The New Human: Stepping Into the Next Evolution of Our Species

July 2010

Adapted from John’s forthcoming book, The New Human: Consciously Evolving to Civilization 3.0
2010 © John Renesch

Former U.S. Ambassador to the United Nations Richard Holbrooke used a phrase I love when it comes to changing our thinking about how things have to be. In a 2004 interview in Leaders magazine the experienced diplomat was asked about people in the world he most admired. He replied, “The greatest person I ever met, bar none, is Nelson Mandela, and I have gotten to know him very well. No man is perfect, not even Mandela, but he took history by the throat, seized it, and changed its course through a combination of moral authority, vision, strategic sense, practical genius, and a remarkable capacity for forgiveness toward the thugs who ran South Africa under Apartheid.”

It is time for us all to “take history by the throat” and change from a mindset that tells us the best predictor of the future is the past, an attitude that dooms us to being slaves of our history, to a transformed mindset that creates a future based upon what we envision for ourselves, our families, our communities and our world. A powerful vision that can change the course of history is being called for. We need to assume that “moral authority, vision, strategic sense, practical genius, and a remarkable capacity for forgiveness” toward the people running things so far.

Vaclav Havel, the artist who became president of the Czech Republic after the fall of the Soviet Union, has something powerful to offer us on this as well. He writes, “Planetary democracy does not yet exist but our global civilization is already preparing a place for it. It is the very Earth we inhabit linked with Heaven above us. Only in this setting can the mutuality and the commonality of the human race be newly created with reverence and gratitude for that which transcends each of us and all of us together.” This sounds incredibly similar to the vision of the framers of the Declaration of Independence and subsequently the U.S. Constitution which laid the foundation for the American Dream.

It’s About “Livingry,” Stupid

Twenty five years ago, American futurist, architect and inventor R. Buckminster (“Bucky”) Fuller stated that it was now highly feasible to take care of everybody on Earth at a “higher standard of living than any have ever known.” Here we are decades later and we are still struggling with the same problems. He writes:

It no longer has to be you or me. Selfishness is unnecessary and henceforth unrationalizable as mandated by survival. War is obsolete….It is a matter of converting the high technology from weaponry to livingry. The essence of livingry is human-life advantaging and environment controlling. With the highest aeronautical and engineering facilities of the world redirected from weaponry to livingry production, all humanity would have the option of becoming enduringly successful.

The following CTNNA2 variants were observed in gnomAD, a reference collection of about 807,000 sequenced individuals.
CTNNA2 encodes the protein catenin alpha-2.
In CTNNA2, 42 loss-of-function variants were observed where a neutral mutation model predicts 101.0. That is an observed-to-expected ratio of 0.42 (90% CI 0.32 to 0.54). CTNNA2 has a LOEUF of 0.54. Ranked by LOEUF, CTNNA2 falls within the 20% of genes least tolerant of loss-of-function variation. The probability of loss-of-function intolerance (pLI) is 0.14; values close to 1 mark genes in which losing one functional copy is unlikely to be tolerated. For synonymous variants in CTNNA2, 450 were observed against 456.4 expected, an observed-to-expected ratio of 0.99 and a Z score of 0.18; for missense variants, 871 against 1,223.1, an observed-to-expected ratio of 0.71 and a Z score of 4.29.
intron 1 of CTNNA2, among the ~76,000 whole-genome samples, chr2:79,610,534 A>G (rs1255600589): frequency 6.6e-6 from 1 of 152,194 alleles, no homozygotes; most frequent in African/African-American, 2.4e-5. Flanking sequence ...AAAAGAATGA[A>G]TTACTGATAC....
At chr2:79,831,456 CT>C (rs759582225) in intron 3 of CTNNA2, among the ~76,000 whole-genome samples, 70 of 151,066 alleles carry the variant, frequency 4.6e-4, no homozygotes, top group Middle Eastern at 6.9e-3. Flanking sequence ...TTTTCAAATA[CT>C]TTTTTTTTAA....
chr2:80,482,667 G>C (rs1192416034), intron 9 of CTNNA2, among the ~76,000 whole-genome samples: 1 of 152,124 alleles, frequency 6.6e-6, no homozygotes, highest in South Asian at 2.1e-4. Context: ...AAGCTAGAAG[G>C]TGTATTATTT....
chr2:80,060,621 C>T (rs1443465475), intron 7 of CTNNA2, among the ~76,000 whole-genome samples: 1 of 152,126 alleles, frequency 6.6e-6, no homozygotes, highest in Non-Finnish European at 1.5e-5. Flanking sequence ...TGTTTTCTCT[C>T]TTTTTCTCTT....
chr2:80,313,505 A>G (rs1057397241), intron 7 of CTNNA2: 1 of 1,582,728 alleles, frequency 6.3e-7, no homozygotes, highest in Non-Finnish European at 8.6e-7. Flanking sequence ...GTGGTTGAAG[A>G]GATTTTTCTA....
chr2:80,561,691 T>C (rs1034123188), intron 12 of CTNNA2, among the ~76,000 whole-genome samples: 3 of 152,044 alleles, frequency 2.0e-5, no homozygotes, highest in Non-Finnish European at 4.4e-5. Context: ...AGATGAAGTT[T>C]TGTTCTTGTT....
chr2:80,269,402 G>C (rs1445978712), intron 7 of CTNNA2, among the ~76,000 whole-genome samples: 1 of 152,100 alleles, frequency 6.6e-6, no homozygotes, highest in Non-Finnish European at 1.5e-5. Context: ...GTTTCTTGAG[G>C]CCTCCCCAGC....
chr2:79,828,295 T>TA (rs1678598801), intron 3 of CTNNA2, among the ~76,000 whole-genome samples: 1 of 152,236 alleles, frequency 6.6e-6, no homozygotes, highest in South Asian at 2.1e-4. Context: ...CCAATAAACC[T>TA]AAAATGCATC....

All previous revolutions have been political–in them the have-not majority has attempted revengefully to pull down the economically advantaged minority. If realized, this historically greatest design revolution will joyously elevate all humanity to unprecedented heights.

Bucky’s term “livingry” signifies a new sort of revolution, not one steeped in guns and violence but one in which we take responsibility for the future we are leaving for our children.

Changing the Context

Let me say a few things about context, a subject that plays a key role in transformational change, the kind of change I’m referring to throughout this book. It might be useful to define it since it has come to be so widely misused by so many. Context is the mental framework from which we think.

Because the word “transformation” got popular in the 1970s, many people have come to think of it as synonymous with change. But transformation is far more than mere change. It references a shift from one context to another, from one worldview to another. The shift that physicists went through when they realized that energy fields and quantum mechanics were more accurate descriptions of how things worked was a transformation in thinking.

The primary transformation we’re addressing now is a shift from having our collective thinking based upon the material domain to one being inspired by the more generative spiritual domain. This requires us to transform our thinking about reality, cause and truth.

Shifting the framework from which we think allows all the content to shift as well. It is not unlike sea birds that get caught up in an oil spill in the ocean. You can rescue and clean all the gulls and pelicans you want but if you release them before the spill is cleaned up they will most likely get covered in sludge again. In this example, the oil polluted ocean represents the context and the birds the content. You can change the content all day long but if the context remains unchanged there’s little lasting improvement.

Context is not something widely discussed in the West. We are far more used to and comfortable talking and living in the domains of form. Since form is what we are familiar with and comfortable discussing, we tend to constantly change, improve or expand the form but rarely examine what the underlying context may be. Context includes form as well as all the underlying assumptions, conscious and unconscious, attitudes, perceptions and beliefs. So if we simply find an oil-soaked pelican and clean it up for release back into the wild without locating and cleaning up the oil spill in which it got contaminated we could be wasting lots of work, expectations, and time. And the pelican would likely die next time!